• Information about how funds will be used. Depending on the type of commercial loan, some financial products (like SBA 504 loans) have strict guidelines for how borrowers can use funds, while other products (like business lines of credit) are more open-ended

Traditionally, borrowers would submit their applications on paper and in-person, but that practice is quickly changing in the 2020s. Today, many lenders use online portals to collect applications. These document portals speed up the application process, allowing borrowers to upload documents at their convenience and allowing lenders to quickly process and evaluate the applications once they receive them. Online submissions also help lenders and borrowers stay organized – they create a centralized hub for communication and documentation so documents can’t get lost in email threads or stacks of papers. 

Evaluating New Applications

Once the borrower submits their application, the lender must process and evaluate it. Application processing is traditionally a time-consuming and labor-intensive process, prone to human error and inconsistent procedures. That makes application processing the perfect use case for automation.

Automated loan processing tools can quickly ingest and organize documents, but they can also perform preliminary analysis on the application. Once again, loan automation doesn’t replace the human judgment involved in loan underwriting (the next stage of the loan process), but rather enhances the strengths and supplements the weaknesses of human loan officers. 

Loan automation tools increase efficiency, improve data accuracy, and ultimately result in a better experience for borrowers and employees – the #1 targeted area of improvement for 43% of lenders. Borrowers enjoy the easy application process and faster processing times, while lenders enjoy the reduced workload and increased productivity.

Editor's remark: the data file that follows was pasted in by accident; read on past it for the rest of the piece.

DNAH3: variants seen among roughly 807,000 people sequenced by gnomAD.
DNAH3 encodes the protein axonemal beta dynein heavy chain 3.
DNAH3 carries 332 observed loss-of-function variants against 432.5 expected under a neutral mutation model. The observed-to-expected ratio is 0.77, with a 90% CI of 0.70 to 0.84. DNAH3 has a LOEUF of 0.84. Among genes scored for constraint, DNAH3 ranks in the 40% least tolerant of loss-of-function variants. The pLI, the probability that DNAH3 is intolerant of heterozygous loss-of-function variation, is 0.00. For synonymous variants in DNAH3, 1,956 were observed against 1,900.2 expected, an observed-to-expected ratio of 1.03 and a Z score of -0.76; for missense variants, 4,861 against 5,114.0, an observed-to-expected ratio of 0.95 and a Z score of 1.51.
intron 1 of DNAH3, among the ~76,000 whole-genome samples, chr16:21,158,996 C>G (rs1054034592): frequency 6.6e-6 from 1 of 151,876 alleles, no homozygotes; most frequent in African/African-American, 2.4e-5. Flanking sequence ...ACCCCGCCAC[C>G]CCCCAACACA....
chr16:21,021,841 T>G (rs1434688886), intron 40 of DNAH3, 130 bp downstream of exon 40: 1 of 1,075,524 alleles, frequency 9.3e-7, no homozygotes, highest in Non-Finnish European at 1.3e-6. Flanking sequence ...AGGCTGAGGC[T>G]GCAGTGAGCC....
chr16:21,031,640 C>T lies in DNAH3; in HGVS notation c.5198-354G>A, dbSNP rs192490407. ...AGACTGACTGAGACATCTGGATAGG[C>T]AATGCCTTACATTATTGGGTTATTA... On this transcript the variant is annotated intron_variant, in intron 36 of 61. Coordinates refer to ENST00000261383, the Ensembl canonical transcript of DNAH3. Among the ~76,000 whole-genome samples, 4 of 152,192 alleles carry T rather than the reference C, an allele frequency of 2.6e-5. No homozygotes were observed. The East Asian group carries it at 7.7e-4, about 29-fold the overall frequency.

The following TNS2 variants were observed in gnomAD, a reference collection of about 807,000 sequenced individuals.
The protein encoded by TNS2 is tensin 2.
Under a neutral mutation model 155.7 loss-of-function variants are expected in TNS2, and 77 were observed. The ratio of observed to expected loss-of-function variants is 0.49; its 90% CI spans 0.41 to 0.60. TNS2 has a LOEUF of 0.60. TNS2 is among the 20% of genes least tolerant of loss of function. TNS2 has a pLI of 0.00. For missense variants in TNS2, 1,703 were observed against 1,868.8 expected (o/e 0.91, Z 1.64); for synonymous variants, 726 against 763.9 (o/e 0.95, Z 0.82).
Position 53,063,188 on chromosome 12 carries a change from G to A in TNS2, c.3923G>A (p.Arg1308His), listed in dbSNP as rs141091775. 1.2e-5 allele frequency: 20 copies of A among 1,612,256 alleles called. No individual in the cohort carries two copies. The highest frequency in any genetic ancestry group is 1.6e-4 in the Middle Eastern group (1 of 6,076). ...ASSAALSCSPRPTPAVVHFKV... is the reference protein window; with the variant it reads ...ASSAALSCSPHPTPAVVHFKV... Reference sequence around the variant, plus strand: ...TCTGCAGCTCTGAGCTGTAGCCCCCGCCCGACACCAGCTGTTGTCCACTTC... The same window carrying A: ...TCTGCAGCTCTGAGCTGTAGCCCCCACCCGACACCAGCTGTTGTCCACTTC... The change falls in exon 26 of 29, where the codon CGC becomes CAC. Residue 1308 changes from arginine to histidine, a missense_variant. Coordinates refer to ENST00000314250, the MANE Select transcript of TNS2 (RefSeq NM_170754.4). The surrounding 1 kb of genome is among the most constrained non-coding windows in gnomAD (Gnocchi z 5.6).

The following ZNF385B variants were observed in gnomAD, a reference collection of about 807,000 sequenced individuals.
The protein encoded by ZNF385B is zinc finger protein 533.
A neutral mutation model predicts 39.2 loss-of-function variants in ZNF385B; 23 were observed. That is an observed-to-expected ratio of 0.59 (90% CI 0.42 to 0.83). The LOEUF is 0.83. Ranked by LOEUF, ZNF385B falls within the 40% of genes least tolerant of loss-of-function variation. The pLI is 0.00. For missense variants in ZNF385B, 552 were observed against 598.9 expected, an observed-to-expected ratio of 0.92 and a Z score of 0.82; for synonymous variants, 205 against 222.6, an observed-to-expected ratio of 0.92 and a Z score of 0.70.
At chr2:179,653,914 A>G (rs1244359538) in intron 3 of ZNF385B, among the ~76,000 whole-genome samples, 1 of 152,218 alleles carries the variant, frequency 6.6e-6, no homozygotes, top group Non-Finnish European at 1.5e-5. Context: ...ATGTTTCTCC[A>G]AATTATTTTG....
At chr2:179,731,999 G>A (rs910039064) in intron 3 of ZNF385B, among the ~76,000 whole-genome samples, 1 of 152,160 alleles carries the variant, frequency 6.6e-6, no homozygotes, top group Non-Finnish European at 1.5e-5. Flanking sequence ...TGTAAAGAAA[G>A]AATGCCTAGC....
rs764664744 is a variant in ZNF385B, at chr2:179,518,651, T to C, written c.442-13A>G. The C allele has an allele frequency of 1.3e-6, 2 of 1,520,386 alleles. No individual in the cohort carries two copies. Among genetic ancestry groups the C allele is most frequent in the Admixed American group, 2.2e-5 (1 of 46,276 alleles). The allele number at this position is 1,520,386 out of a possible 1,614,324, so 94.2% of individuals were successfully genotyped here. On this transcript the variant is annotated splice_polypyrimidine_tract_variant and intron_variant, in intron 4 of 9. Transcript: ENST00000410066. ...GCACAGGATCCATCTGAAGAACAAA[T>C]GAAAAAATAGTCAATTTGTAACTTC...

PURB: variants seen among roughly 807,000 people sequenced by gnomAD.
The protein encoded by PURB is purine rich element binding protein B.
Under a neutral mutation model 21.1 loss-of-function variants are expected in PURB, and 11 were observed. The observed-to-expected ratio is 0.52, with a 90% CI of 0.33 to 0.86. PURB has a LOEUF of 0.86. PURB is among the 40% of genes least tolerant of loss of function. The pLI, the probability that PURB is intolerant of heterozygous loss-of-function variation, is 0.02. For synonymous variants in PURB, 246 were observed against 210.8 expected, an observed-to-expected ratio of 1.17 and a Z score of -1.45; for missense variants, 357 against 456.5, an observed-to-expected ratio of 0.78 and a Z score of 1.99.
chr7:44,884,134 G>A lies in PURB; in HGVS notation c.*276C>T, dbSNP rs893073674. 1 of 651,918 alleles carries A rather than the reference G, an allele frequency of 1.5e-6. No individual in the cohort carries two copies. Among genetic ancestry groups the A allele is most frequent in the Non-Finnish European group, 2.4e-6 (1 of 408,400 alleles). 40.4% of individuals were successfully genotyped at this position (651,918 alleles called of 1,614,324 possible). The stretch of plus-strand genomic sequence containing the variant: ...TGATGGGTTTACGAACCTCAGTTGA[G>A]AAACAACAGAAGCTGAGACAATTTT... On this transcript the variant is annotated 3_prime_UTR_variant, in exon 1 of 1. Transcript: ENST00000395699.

The Decision Point: Loan Underwriting

During the loan origination stage, lenders commonly use automation tools to perform preliminary assessments. These assessments help lenders “score” applications to determine their preliminary eligibility. However, these automations are based on a limited number of factors and don’t provide a complete picture of the borrower’s creditworthiness.

Commercial lenders’ underwriting guidelines are generally more complex than their basic application eligibility requirements. The initial assessment gets borrowers in the door, but before they walk out with money in hand, the lender will perform more advanced underwriting to determine their creditworthiness and ability to repay. The underwriting requirements for a commercial loan usually involve the following factors, among others:

Debt To Income Ratio (DTI)

Debt to Income ratio (DTI) measures how much of a business’s income is spent repaying debts. Lenders calculate DTI very simply: monthly debt payments divided by monthly income. A DTI of 0.8 (or 80%) would suggest that the business spends 80% of its income paying for existing debts, which could significantly limit its ability to repay an additional loan. A more favorable DTI like 0.3 (or 30%) would suggest that the business only spends 30% of its income on existing debts and therefore may have the ability to take on more debt without jeopardizing its finances.

Loan To Value Ratio (LTV)